This montane rattlesnake is usually found in rocky areas of pine-oak woodland or coniferous forests, though they might also be found amongst saguaros in the Sonoran desert upland. Easily recognizable by their namesake blacktail, they often frequent tree branches or shrubs several feet above the ground.
Mohave Rattlesnake (Crotalus scutulatus) Unlike many rattlesnake species which hibernate in large groups, the Mohave hibernates alone or in groups of only two or three individuals. Though somewhat difficult to tell apart from the western diamond-backed rattlesnake, mohaves are slightly greenish in coloration, and their tail bands have thick white bands with narrower black bands. The venom of the Mohave rattlesnake is a potent blend of hemotoxins (break down cells and tissues) and neurotoxins (affect the nervous system, cause heart failure and/or respiratory paralysis) and is extremely dangerous.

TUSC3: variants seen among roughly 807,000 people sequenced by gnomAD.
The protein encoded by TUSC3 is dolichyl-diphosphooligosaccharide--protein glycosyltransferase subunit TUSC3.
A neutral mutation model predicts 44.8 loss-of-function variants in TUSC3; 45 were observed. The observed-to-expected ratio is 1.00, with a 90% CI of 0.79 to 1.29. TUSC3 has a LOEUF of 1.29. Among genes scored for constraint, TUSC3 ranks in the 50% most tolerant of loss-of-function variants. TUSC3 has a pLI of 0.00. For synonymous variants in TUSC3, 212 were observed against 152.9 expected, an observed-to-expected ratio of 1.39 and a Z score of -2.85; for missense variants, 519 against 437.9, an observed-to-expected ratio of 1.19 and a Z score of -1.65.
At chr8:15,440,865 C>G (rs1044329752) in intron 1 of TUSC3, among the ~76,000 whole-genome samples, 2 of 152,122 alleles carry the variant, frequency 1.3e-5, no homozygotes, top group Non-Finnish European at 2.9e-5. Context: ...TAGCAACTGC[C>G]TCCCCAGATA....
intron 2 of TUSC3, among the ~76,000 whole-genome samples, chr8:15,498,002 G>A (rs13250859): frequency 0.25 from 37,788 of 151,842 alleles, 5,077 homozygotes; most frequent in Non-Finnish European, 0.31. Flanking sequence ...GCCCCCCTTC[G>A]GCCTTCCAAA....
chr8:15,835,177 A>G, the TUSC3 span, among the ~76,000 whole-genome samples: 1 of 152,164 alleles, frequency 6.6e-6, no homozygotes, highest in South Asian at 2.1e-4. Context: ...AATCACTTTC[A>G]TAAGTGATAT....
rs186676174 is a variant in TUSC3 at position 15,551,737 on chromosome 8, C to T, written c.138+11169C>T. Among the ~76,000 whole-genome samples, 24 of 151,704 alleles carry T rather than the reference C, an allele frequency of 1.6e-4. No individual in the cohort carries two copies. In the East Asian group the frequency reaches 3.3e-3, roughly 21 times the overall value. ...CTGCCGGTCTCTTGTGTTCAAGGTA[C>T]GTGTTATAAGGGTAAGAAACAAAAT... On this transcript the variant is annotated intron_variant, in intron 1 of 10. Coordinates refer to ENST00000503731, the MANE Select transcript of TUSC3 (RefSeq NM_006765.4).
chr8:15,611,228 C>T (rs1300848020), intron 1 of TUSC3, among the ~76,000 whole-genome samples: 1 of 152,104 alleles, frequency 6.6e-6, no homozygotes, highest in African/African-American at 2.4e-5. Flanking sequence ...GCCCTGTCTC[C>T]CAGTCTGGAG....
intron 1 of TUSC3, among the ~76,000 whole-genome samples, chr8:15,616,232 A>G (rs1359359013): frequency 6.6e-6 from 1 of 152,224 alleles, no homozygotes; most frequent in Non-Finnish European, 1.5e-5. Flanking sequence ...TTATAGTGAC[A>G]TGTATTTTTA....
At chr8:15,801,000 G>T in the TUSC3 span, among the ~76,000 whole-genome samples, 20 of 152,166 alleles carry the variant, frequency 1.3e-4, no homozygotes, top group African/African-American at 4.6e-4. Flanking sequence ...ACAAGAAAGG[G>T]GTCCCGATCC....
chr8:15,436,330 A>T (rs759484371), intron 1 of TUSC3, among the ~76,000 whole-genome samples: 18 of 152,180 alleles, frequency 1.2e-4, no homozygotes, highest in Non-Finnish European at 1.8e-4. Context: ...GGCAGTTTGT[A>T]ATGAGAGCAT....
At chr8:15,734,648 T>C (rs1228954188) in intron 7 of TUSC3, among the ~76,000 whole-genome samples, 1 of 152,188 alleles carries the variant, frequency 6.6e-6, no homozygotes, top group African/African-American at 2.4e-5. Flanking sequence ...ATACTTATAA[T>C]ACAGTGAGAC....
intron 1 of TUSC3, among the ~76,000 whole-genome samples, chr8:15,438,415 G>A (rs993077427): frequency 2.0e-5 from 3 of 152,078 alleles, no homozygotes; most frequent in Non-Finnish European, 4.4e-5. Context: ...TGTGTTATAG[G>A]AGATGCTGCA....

Tiger Rattlesnake (Crotalus tigris)
Western Diamond-backed Rattlesnake (Crotalus atrox)
Sidewinder (Crotalus cerastes)
Last updated: March 31, 2012